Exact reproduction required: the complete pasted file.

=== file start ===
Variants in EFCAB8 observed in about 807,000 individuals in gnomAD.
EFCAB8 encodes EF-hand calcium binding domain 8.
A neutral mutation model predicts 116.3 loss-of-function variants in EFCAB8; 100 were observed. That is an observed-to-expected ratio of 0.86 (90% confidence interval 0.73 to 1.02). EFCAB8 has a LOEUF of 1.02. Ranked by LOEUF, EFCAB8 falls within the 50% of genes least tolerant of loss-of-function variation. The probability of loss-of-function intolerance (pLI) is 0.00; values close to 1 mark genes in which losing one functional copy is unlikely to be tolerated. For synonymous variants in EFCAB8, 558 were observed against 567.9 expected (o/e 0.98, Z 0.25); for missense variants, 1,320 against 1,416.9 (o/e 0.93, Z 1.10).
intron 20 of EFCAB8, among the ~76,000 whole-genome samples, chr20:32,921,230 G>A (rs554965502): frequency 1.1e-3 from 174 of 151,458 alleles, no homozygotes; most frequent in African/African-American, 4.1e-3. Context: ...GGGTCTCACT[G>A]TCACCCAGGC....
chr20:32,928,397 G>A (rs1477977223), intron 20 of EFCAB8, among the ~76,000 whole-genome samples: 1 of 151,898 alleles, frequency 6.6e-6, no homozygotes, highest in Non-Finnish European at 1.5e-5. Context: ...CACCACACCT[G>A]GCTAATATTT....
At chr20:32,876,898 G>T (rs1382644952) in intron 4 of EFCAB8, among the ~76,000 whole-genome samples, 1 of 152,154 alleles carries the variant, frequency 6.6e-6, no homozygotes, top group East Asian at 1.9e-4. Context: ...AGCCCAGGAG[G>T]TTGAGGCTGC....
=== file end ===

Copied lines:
Variants in EFCAB8 observed in about 807,000 individuals in gnomAD.
EFCAB8 encodes EF-hand calcium binding domain 8.
A neutral mutation model predicts 116.3 loss-of-function variants in EFCAB8; 100 were observed. That is an observed-to-expected ratio of 0.86 (90% confidence interval 0.73 to 1.02). EFCAB8 has a LOEUF of 1.02. Ranked by LOEUF, EFCAB8 falls within the 50% of genes least tolerant of loss-of-function variation. The probability of loss-of-function intolerance (pLI) is 0.00; values close to 1 mark genes in which losing one functional copy is unlikely to be tolerated. For synonymous variants in EFCAB8, 558 were observed against 567.9 expected (o/e 0.98, Z 0.25); for missense variants, 1,320 against 1,416.9 (o/e 0.93, Z 1.10).
intron 20 of EFCAB8, among the ~76,000 whole-genome samples, chr20:32,921,230 G>A (rs554965502): frequency 1.1e-3 from 174 of 151,458 alleles, no homozygotes; most frequent in African/African-American, 4.1e-3. Context: ...GGGTCTCACT[G>A]TCACCCAGGC....
chr20:32,928,397 G>A (rs1477977223), intron 20 of EFCAB8, among the ~76,000 whole-genome samples: 1 of 151,898 alleles, frequency 6.6e-6, no homozygotes, highest in Non-Finnish European at 1.5e-5. Context: ...CACCACACCT[G>A]GCTAATATTT....
At chr20:32,876,898 G>T (rs1382644952) in intron 4 of EFCAB8, among the ~76,000 whole-genome samples, 1 of 152,154 alleles carries the variant, frequency 6.6e-6, no homozygotes, top group East Asian at 1.9e-4. Context: ...AGCCCAGGAG[G>T]TTGAGGCTGC....